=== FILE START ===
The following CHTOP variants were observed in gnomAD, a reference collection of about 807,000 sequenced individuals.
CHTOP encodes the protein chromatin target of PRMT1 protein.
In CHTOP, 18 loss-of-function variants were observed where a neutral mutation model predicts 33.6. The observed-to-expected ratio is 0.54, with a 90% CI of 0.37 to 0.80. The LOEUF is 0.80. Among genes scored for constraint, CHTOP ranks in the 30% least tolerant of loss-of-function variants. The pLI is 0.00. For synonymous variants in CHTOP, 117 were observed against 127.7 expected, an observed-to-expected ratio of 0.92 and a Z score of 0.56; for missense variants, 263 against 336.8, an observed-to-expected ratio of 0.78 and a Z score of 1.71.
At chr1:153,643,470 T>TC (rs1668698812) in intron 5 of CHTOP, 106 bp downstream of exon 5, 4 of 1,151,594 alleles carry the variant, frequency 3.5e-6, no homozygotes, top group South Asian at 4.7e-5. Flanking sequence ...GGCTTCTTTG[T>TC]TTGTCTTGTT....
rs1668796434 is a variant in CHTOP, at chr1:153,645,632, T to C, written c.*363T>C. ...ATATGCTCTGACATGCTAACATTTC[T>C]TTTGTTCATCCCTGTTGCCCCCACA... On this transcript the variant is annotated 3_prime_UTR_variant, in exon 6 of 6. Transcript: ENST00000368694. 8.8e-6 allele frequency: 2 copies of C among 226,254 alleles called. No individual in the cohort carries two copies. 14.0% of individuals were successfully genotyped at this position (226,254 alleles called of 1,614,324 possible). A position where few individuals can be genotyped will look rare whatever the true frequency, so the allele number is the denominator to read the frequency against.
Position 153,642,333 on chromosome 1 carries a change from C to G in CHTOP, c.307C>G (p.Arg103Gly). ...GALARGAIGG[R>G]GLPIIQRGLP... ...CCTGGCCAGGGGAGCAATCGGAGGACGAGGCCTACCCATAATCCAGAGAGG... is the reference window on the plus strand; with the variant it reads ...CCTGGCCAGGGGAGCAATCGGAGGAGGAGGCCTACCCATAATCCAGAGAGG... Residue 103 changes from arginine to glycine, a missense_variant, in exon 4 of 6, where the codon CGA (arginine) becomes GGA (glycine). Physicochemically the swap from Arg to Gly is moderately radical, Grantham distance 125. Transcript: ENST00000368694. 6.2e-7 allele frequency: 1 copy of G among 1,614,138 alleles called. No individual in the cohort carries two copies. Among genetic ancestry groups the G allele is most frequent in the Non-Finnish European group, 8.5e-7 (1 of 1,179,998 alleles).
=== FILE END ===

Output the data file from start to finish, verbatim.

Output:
The following CHTOP variants were observed in gnomAD, a reference collection of about 807,000 sequenced individuals.
CHTOP encodes the protein chromatin target of PRMT1 protein.
In CHTOP, 18 loss-of-function variants were observed where a neutral mutation model predicts 33.6. The observed-to-expected ratio is 0.54, with a 90% CI of 0.37 to 0.80. The LOEUF is 0.80. Among genes scored for constraint, CHTOP ranks in the 30% least tolerant of loss-of-function variants. The pLI is 0.00. For synonymous variants in CHTOP, 117 were observed against 127.7 expected, an observed-to-expected ratio of 0.92 and a Z score of 0.56; for missense variants, 263 against 336.8, an observed-to-expected ratio of 0.78 and a Z score of 1.71.
At chr1:153,643,470 T>TC (rs1668698812) in intron 5 of CHTOP, 106 bp downstream of exon 5, 4 of 1,151,594 alleles carry the variant, frequency 3.5e-6, no homozygotes, top group South Asian at 4.7e-5. Flanking sequence ...GGCTTCTTTG[T>TC]TTGTCTTGTT....
rs1668796434 is a variant in CHTOP, at chr1:153,645,632, T to C, written c.*363T>C. ...ATATGCTCTGACATGCTAACATTTC[T>C]TTTGTTCATCCCTGTTGCCCCCACA... On this transcript the variant is annotated 3_prime_UTR_variant, in exon 6 of 6. Transcript: ENST00000368694. 8.8e-6 allele frequency: 2 copies of C among 226,254 alleles called. No individual in the cohort carries two copies. 14.0% of individuals were successfully genotyped at this position (226,254 alleles called of 1,614,324 possible). A position where few individuals can be genotyped will look rare whatever the true frequency, so the allele number is the denominator to read the frequency against.
Position 153,642,333 on chromosome 1 carries a change from C to G in CHTOP, c.307C>G (p.Arg103Gly). ...GALARGAIGG[R>G]GLPIIQRGLP... ...CCTGGCCAGGGGAGCAATCGGAGGACGAGGCCTACCCATAATCCAGAGAGG... is the reference window on the plus strand; with the variant it reads ...CCTGGCCAGGGGAGCAATCGGAGGAGGAGGCCTACCCATAATCCAGAGAGG... Residue 103 changes from arginine to glycine, a missense_variant, in exon 4 of 6, where the codon CGA (arginine) becomes GGA (glycine). Physicochemically the swap from Arg to Gly is moderately radical, Grantham distance 125. Transcript: ENST00000368694. 6.2e-7 allele frequency: 1 copy of G among 1,614,138 alleles called. No individual in the cohort carries two copies. Among genetic ancestry groups the G allele is most frequent in the Non-Finnish European group, 8.5e-7 (1 of 1,179,998 alleles).